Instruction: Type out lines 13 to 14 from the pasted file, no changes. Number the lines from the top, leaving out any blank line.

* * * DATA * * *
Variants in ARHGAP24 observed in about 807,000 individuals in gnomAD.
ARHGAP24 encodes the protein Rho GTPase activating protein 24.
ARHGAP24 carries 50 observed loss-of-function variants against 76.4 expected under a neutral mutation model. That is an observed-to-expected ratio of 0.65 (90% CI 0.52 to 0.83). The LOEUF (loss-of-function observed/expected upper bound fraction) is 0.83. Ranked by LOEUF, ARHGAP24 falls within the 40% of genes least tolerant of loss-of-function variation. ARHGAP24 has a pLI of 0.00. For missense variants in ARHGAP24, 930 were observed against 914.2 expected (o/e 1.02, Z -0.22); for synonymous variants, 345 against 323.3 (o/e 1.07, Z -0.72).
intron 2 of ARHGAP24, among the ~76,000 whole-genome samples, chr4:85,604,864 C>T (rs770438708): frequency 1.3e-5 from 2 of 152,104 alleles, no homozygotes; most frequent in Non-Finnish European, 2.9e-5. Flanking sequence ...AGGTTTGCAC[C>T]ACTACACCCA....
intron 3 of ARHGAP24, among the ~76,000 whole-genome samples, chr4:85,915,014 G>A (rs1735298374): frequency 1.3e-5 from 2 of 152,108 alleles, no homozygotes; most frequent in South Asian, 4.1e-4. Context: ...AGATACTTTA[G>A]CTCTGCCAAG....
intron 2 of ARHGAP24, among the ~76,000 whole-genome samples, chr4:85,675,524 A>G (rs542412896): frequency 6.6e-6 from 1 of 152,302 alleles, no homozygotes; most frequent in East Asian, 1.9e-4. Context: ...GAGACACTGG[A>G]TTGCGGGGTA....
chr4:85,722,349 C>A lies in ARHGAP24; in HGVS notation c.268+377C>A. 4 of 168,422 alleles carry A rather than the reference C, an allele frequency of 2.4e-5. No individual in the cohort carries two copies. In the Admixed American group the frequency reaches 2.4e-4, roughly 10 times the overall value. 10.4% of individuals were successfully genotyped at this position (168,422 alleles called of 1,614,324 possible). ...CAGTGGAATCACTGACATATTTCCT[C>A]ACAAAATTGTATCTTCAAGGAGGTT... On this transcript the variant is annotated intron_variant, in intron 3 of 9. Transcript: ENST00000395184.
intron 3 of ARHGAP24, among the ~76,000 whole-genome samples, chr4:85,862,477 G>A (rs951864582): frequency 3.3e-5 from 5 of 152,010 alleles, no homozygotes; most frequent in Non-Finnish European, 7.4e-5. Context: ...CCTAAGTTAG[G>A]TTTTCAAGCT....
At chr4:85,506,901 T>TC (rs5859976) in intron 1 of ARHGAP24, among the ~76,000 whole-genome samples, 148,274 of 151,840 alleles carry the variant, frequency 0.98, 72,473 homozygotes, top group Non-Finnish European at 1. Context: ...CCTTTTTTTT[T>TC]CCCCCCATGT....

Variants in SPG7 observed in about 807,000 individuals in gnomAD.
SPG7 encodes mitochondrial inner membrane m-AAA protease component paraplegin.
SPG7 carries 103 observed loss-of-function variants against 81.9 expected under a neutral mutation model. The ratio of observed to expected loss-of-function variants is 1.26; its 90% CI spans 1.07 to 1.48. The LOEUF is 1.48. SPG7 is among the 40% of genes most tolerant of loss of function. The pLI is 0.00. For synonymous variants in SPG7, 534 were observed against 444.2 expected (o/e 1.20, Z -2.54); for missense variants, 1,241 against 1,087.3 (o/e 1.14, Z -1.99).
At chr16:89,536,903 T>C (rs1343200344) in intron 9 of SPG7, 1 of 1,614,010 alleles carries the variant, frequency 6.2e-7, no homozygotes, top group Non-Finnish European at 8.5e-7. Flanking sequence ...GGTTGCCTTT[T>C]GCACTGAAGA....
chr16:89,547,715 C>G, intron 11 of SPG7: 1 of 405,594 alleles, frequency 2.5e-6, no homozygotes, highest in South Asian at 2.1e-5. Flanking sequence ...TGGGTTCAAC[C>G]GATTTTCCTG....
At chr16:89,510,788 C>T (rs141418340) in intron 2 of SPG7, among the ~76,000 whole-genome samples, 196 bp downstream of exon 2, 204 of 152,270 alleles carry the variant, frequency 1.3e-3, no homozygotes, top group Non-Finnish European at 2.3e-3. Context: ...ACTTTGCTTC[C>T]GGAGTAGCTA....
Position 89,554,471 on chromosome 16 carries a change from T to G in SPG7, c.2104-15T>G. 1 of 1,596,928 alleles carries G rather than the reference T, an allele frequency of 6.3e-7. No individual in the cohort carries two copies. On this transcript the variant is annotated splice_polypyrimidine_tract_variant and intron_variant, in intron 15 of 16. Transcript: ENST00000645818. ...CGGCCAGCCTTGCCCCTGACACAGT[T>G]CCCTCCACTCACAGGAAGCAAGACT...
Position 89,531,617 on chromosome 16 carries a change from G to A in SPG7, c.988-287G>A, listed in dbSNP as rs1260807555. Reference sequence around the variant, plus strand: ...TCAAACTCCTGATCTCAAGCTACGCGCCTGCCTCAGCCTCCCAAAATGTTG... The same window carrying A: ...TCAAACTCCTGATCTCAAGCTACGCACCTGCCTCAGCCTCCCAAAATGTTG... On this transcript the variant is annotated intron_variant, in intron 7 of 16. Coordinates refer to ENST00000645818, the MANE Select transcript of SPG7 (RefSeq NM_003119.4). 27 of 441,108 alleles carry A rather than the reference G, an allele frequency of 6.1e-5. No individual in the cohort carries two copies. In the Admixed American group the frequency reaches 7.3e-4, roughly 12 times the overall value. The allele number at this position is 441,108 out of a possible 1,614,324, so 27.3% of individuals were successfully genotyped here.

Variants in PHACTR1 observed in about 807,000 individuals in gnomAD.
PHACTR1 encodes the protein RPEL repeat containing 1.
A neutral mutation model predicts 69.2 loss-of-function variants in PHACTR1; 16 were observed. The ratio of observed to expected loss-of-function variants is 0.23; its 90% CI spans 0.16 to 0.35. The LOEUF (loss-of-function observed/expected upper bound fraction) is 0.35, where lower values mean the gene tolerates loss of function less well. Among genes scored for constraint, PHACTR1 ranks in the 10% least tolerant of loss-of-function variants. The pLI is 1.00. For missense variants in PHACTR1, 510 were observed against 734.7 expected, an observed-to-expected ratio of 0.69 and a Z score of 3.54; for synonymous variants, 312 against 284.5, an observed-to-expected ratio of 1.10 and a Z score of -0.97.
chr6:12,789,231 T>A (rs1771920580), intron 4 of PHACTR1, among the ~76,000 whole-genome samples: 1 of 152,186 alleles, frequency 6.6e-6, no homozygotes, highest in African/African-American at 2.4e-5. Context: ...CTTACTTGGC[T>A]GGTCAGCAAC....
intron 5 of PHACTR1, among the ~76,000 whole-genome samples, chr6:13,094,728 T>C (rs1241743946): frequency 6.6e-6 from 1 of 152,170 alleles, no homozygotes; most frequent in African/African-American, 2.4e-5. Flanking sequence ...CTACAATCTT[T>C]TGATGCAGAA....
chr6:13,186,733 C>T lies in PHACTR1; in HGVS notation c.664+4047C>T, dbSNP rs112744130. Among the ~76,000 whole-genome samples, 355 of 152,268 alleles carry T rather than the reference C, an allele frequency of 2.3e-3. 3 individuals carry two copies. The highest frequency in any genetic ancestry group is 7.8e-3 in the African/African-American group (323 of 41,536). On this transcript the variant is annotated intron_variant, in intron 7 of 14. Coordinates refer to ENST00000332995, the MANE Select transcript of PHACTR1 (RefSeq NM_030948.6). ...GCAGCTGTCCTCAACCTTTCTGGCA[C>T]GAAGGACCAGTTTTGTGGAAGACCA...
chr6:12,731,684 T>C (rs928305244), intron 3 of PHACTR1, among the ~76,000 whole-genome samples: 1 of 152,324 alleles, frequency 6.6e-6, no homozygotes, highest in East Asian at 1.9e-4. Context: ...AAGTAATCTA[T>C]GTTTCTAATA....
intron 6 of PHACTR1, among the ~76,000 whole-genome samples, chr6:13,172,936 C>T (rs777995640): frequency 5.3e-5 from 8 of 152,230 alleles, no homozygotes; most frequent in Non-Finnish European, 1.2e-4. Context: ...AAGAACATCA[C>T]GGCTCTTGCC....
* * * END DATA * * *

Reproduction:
At chr16:89,536,903 T>C (rs1343200344) in intron 9 of SPG7, 1 of 1,614,010 alleles carries the variant, frequency 6.2e-7, no homozygotes, top group Non-Finnish European at 8.5e-7. Flanking sequence ...GGTTGCCTTT[T>C]GCACTGAAGA....
chr16:89,547,715 C>G, intron 11 of SPG7: 1 of 405,594 alleles, frequency 2.5e-6, no homozygotes, highest in South Asian at 2.1e-5. Flanking sequence ...TGGGTTCAAC[C>G]GATTTTCCTG....